UNICEF

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“I met Omar here a few weeks ago and we became best friends. The minute I arrive at the centre, I start looking for him.” Ayham is a Jordanian that met his Syrian best friend Omar at a Makani centre in Jaresh, Jordan. Friendship knows no bounds 💜

#ENDviolence 📷 @unicef_jordan

“I met Omar here a few weeks ago and we became best friends. The minute I arrive at the centre, I start looking for him.” Ayham is a Jordanian that met his Syrian best friend Omar at a Makani centre in Jaresh, Jordan. Friendship knows no bounds 💜

#ENDviolence 📷 @unicef_jordan

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(4/4) This is me with my daughter on World Children’s Day, which celebrates the rights of children to be in school learning, safe from harm and able to fulfill their full potential. Looking into her eyes, I’m hopeful for her generation. There have been great strides in the enrollment of children into schools, reconstruction of classrooms and training of teachers. Over the last 18 years (2001 -2018) school enrollment has increased from 1 million to 9.6 million. Yet Afghanistan still has a long way to go. Conflict, poverty and child marriage have denied 3.7 million children from school - and 60% of them are girls. I believe in a brighter future for all children, and continue my work for them. #WorldHumanitarianDay #WomenHumanitarians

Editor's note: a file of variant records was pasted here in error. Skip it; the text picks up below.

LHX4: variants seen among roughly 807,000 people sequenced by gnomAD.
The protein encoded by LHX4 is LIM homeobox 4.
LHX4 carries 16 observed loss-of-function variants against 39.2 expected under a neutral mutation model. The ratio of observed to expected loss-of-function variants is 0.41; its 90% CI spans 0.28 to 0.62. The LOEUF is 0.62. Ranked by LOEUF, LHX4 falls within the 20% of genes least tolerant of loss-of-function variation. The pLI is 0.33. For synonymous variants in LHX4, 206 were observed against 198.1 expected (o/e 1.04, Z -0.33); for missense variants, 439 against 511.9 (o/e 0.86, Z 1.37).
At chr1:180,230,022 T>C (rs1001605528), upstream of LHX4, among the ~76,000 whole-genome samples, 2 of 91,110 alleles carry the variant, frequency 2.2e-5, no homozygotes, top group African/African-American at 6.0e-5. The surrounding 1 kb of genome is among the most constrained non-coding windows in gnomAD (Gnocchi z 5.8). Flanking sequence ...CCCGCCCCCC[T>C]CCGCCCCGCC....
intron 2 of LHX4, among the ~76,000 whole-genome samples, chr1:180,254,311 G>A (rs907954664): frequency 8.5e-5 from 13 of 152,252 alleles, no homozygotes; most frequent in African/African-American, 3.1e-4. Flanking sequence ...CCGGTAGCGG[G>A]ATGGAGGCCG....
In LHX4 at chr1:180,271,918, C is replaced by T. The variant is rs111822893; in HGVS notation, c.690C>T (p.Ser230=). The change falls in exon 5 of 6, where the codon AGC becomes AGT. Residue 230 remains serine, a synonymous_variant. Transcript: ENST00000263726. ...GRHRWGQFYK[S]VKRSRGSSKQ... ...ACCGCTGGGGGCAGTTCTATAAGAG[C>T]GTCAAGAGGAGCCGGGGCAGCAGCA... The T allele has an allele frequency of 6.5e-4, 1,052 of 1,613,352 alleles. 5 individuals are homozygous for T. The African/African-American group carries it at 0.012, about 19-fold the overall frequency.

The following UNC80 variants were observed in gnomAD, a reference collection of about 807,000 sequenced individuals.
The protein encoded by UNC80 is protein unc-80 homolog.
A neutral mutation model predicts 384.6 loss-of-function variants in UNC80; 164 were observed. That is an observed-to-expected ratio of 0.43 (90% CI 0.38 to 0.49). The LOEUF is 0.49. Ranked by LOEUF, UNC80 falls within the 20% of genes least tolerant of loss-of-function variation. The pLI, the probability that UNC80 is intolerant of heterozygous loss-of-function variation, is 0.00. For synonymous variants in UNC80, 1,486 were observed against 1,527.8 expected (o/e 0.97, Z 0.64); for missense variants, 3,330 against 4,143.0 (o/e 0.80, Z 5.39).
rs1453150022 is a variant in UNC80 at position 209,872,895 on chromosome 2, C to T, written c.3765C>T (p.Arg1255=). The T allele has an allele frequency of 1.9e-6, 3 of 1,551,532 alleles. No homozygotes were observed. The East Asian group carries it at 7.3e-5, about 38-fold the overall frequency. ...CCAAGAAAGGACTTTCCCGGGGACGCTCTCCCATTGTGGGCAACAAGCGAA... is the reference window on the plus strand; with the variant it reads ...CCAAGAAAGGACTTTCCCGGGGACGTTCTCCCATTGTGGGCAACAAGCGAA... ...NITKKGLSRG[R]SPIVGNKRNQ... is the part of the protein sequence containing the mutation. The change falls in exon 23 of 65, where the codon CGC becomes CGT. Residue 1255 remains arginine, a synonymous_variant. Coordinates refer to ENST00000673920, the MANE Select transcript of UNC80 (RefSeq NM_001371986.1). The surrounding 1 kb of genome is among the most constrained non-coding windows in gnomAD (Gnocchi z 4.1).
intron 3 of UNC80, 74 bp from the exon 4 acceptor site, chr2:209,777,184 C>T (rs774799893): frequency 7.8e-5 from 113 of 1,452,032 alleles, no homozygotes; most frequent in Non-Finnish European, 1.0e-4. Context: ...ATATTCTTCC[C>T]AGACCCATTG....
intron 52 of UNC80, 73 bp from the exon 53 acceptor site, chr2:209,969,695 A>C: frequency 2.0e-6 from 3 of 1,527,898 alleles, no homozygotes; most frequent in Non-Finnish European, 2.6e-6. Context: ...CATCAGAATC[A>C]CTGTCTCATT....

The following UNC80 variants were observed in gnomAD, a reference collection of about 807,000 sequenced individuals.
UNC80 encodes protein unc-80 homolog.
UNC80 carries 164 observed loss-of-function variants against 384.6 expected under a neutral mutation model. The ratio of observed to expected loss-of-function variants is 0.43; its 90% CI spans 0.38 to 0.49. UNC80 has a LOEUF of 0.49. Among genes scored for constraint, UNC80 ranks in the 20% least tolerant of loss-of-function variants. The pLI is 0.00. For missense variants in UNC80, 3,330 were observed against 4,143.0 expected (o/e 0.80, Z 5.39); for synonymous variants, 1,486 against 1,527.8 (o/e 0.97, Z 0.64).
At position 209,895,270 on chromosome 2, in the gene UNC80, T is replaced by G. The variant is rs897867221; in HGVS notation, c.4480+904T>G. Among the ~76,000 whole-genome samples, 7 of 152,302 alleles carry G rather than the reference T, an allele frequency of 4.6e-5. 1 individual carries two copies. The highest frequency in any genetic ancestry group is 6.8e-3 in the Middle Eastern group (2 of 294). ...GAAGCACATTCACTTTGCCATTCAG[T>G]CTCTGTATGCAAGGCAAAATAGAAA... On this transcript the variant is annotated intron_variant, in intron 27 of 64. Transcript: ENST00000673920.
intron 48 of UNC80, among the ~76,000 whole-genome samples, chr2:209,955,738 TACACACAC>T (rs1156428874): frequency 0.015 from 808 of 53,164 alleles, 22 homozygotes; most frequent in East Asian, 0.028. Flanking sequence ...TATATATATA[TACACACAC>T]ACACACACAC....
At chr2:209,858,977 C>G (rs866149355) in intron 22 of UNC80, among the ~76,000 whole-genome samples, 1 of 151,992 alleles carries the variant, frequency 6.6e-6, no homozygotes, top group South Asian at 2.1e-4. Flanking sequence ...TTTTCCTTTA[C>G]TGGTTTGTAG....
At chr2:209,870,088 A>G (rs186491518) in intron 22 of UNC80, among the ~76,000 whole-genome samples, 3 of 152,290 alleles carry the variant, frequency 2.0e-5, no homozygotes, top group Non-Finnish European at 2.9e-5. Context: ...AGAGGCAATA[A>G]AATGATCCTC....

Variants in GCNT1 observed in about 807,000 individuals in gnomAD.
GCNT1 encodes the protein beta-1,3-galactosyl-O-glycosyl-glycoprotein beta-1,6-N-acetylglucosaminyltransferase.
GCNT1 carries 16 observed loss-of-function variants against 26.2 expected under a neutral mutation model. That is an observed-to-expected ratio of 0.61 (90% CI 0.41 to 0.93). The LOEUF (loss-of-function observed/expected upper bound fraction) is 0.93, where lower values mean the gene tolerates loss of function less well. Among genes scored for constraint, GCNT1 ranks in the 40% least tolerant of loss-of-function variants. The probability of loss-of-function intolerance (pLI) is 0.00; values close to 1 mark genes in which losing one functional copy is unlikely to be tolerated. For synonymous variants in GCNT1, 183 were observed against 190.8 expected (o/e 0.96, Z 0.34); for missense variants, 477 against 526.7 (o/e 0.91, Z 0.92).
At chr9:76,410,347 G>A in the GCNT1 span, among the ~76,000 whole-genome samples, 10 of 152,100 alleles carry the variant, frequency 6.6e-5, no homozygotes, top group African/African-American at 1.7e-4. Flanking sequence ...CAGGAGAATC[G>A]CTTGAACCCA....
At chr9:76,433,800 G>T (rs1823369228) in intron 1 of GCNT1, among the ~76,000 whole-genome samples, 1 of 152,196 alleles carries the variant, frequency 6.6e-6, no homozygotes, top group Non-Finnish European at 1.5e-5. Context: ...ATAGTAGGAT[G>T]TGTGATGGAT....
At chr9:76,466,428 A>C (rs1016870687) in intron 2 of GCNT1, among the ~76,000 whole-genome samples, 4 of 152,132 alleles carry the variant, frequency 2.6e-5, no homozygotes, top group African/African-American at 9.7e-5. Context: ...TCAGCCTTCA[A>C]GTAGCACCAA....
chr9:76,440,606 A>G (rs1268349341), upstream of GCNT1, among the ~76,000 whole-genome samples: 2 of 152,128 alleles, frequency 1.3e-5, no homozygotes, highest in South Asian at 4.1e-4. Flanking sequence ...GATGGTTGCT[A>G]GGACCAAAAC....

(4/4) This is me with my daughter on World Children’s Day, which celebrates the rights of children to be in school learning, safe from harm and able to fulfill their full potential. Looking into her eyes, I’m hopeful for her generation. There have been great strides in the enrollment of children into schools, reconstruction of classrooms and training of teachers. Over the last 18 years (2001 -2018) school enrollment has increased from 1 million to 9.6 million. Yet Afghanistan still has a long way to go. Conflict, poverty and child marriage have denied 3.7 million children from school - and 60% of them are girls. I believe in a brighter future for all children, and continue my work for them. #WorldHumanitarianDay #WomenHumanitarians